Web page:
Reginald Braithwaite is in search of what really matters in good code. I am sure many programmers are in the pursuit, so take time to read the entire piece.
Another view, the one I am promoting here, is that it isn’t about removing symbols, it’s about communicating something about the underlying relationships. Even if your language is so crufty that example two is longer than example one, it’s the right thing to do if the calculations are the same for a deep reason, if you are trying to communicate that they will always be the same.
That being said, my experience is that when a relationship exists, the code that clearly expresses it usually winds up being shorter than code that does not express it.
I have come to look at two different aspects of code:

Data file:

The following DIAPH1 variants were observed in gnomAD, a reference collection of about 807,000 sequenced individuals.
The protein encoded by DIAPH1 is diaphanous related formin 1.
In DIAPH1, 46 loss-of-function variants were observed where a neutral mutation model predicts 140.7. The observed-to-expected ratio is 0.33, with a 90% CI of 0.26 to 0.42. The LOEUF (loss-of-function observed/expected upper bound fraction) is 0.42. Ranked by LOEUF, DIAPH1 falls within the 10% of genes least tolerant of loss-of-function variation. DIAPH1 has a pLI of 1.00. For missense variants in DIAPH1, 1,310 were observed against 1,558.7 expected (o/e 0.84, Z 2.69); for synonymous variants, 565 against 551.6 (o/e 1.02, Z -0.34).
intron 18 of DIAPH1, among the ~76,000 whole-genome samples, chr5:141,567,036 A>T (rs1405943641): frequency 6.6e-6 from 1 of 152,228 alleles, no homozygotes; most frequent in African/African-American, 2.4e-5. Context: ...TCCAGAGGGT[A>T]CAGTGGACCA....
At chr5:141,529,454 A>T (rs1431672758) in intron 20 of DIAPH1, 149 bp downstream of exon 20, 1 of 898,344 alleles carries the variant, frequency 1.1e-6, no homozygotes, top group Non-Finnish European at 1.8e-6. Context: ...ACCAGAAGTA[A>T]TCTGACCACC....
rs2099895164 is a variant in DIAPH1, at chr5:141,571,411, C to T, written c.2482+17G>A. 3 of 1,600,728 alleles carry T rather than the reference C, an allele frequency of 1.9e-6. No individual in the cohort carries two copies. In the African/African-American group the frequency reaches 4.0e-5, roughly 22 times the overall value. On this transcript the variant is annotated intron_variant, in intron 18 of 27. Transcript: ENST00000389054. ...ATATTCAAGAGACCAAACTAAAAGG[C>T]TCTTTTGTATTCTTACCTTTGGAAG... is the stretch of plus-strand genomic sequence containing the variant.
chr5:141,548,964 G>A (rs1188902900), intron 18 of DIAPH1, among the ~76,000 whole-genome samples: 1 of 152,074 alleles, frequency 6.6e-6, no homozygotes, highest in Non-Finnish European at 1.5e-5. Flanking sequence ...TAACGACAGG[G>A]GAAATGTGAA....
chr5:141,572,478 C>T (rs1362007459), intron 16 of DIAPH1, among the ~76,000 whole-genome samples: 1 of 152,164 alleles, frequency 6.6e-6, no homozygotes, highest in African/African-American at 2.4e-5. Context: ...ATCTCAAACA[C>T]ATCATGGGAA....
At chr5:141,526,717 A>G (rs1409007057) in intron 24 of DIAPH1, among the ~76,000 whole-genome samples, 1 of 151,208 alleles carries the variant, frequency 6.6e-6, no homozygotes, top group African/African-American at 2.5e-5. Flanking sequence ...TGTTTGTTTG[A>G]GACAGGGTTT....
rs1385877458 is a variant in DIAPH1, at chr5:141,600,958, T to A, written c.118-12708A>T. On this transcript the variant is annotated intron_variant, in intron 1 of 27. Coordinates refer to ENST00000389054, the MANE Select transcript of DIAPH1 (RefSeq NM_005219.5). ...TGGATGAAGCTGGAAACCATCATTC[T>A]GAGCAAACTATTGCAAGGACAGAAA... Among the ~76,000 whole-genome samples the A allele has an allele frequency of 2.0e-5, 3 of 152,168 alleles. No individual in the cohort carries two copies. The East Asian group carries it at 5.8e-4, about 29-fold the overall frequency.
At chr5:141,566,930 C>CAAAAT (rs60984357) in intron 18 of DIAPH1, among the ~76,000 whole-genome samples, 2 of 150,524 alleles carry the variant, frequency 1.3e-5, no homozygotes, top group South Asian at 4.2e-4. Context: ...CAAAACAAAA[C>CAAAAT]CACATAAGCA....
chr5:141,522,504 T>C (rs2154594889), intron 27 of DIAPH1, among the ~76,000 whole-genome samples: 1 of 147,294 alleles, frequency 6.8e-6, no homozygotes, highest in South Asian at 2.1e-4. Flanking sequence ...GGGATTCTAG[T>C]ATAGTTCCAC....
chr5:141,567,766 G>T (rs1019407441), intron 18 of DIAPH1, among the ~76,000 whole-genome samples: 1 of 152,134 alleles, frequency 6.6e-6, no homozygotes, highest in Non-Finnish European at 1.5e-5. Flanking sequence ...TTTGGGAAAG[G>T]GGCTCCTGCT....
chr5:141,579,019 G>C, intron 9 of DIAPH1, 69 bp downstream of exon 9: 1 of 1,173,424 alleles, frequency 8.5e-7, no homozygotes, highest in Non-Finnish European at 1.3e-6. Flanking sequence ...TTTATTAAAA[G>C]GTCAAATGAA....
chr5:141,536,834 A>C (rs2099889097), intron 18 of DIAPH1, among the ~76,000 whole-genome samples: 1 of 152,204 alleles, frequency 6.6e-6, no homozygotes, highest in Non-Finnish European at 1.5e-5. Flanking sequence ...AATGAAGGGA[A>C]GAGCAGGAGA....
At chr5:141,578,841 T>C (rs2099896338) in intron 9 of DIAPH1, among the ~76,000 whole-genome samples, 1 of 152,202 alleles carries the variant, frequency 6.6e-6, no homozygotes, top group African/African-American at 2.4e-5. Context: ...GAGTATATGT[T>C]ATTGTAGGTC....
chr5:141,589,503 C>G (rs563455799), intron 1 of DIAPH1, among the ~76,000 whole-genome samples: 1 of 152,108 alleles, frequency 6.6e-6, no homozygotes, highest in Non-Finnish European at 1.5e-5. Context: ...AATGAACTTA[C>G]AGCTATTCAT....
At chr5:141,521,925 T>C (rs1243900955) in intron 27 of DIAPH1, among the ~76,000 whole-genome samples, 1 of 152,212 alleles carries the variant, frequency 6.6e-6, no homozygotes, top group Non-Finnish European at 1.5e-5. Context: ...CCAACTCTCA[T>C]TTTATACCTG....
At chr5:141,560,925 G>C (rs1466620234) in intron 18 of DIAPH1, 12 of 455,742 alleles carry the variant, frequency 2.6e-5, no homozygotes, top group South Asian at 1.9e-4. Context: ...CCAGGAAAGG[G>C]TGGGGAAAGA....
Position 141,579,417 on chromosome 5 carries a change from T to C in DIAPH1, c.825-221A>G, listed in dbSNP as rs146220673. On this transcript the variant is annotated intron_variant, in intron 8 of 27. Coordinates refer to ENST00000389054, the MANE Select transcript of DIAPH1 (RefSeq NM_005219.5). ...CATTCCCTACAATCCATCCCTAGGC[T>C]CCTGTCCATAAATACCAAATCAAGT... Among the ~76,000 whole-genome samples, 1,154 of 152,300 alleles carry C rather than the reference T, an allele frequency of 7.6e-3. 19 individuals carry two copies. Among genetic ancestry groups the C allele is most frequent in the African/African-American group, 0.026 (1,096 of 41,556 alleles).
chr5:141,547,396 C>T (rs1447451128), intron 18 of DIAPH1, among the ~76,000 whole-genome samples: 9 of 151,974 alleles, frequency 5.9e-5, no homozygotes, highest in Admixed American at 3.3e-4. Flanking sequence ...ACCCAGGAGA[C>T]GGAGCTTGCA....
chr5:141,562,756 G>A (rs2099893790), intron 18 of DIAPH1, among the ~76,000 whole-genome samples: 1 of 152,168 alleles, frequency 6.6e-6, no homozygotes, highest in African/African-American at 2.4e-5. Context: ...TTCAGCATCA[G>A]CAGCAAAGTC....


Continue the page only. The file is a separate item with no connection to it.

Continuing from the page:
- How well does it address its purpose and constraints
- How clearly does it indicate the problem it is trying to solve, which has resulted from my belief that software works best as a solution.
Software code usually embodies the solution, not the problem; and there I think lies a problem. Good code should express the problem it is trying to solve along with the solution. I think that even comments should be used for this, if the code cannot express it. Otherwise, under multiple hands, the code gets mauled because there is difference in understanding of the problem.
I am not sure whether this results in shorter code or easy-to-read code. Ease of reading code is subjective, we really cannot generalize it. In fact it is something that is particular not only to the programmers but even the project and its constraints. Good code should aim at building a better solution, and for that it is equally important to convey the underlying problem as well.